chapter  7
22 Pages

From Kant and Hegel to Steiner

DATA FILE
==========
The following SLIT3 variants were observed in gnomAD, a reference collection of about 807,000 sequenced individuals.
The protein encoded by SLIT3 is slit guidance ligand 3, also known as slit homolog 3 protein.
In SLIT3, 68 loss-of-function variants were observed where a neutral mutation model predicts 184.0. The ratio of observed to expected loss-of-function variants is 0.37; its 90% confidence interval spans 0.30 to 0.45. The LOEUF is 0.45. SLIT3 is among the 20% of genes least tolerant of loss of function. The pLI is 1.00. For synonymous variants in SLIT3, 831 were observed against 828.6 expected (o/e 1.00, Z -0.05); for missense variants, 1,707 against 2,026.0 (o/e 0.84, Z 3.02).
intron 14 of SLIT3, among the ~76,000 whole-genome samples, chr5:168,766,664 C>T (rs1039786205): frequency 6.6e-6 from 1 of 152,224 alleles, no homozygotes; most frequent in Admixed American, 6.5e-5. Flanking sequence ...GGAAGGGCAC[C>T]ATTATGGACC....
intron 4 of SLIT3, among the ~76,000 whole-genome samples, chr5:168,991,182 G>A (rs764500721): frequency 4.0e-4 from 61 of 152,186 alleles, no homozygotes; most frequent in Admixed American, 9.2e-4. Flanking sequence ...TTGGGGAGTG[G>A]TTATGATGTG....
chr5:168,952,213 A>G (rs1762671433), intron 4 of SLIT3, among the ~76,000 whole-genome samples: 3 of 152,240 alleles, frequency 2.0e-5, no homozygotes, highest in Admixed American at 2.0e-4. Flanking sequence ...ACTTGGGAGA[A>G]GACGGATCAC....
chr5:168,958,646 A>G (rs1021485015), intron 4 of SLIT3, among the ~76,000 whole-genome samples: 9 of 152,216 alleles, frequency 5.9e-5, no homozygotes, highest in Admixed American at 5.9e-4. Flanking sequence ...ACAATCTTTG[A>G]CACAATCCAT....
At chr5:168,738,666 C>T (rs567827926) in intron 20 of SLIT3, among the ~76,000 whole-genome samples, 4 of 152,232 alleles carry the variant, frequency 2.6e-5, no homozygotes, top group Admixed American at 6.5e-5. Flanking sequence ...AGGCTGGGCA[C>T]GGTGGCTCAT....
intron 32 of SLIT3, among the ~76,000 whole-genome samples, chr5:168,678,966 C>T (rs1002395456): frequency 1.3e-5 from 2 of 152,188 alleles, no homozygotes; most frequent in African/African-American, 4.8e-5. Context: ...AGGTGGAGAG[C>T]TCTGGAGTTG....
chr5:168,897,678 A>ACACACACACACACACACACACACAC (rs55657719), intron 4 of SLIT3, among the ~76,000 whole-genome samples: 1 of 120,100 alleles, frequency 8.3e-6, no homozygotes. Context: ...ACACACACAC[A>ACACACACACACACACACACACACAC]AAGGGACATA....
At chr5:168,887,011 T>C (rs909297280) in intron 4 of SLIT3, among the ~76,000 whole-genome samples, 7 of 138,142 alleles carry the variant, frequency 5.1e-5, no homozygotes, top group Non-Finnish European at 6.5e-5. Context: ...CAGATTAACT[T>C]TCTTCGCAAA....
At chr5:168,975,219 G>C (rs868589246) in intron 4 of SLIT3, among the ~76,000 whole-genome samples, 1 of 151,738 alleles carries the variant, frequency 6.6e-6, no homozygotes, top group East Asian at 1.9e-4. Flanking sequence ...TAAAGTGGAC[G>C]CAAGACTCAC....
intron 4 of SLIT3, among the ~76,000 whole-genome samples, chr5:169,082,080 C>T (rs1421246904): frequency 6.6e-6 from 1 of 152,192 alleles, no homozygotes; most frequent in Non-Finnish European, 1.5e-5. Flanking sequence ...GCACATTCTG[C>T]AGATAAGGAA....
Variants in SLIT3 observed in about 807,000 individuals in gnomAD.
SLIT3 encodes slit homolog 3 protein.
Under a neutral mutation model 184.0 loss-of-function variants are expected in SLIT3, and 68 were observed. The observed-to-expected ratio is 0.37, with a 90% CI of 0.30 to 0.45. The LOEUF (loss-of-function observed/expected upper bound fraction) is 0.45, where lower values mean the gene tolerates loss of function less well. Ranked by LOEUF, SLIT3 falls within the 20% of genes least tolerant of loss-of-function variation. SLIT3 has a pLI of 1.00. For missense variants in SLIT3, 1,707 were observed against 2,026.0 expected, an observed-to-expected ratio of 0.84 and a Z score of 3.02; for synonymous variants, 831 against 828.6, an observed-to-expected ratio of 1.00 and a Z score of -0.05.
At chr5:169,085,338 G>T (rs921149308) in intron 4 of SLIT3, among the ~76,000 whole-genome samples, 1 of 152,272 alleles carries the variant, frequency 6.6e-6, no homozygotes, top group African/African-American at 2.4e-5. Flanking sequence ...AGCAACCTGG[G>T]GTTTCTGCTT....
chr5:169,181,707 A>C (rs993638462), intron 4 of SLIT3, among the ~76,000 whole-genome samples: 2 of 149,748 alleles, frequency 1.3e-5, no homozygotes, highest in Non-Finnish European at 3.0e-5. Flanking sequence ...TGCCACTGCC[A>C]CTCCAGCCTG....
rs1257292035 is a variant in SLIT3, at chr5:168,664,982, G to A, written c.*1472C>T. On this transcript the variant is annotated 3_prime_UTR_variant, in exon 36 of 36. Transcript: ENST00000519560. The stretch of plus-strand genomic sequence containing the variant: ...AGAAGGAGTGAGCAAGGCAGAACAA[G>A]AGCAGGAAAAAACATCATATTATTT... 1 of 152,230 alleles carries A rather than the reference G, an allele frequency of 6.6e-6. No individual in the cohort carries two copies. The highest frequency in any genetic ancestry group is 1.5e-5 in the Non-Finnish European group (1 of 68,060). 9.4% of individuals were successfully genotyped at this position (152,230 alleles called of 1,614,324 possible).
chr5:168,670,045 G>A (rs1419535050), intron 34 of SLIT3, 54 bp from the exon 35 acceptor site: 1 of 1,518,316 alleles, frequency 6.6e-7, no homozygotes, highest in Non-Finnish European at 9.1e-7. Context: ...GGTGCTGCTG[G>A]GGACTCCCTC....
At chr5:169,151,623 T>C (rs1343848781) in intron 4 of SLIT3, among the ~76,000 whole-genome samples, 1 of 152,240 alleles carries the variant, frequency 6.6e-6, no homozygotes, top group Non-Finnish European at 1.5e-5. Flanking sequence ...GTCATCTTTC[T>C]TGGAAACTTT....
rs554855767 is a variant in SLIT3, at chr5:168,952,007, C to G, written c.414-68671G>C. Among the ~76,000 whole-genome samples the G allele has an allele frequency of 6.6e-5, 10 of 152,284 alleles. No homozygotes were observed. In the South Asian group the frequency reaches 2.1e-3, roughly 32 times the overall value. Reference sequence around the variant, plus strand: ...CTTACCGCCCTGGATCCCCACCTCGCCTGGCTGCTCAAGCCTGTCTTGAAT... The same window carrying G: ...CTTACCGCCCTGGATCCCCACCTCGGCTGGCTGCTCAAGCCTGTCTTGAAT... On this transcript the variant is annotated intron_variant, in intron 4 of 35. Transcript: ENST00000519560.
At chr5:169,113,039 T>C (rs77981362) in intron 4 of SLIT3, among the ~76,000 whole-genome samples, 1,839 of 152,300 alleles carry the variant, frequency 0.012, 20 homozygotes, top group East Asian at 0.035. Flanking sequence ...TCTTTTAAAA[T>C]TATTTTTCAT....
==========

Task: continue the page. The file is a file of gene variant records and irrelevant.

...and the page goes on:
The attempt to discover a transcendental ontology can be seen as the search for a confluence of theoretical philosophy’s three main rivers: epistemology, logic (in the Hegelian sense in particular) and ontology. In the discussion of Kant it was shown that he unifies epistemology and transcendental logic to exclude ontology. Hegel intended to unite all three but I have shown that both his epistemology and his ontology are driven by, but not in the end successfully unified with, philosophical logic – that, in short, his thought is insufficiently transcendental and so immanent.1 (Hegel thus provides arguments which go a large part of the way towards describing the basic logical structure of the cosmos – how it can be one yet many, self-identical yet full of differences, a subject yet in the form of objectivity etc. – but is unable to translate this basic threefold structure into the language of being.) In the discussion of Steiner I shall now attempt a brief demonstration of how the respective shortcomings of Kant’s sceptical transcendentalism and Hegel’s dialectic might be overcome in a transcendental ontology which unifies them.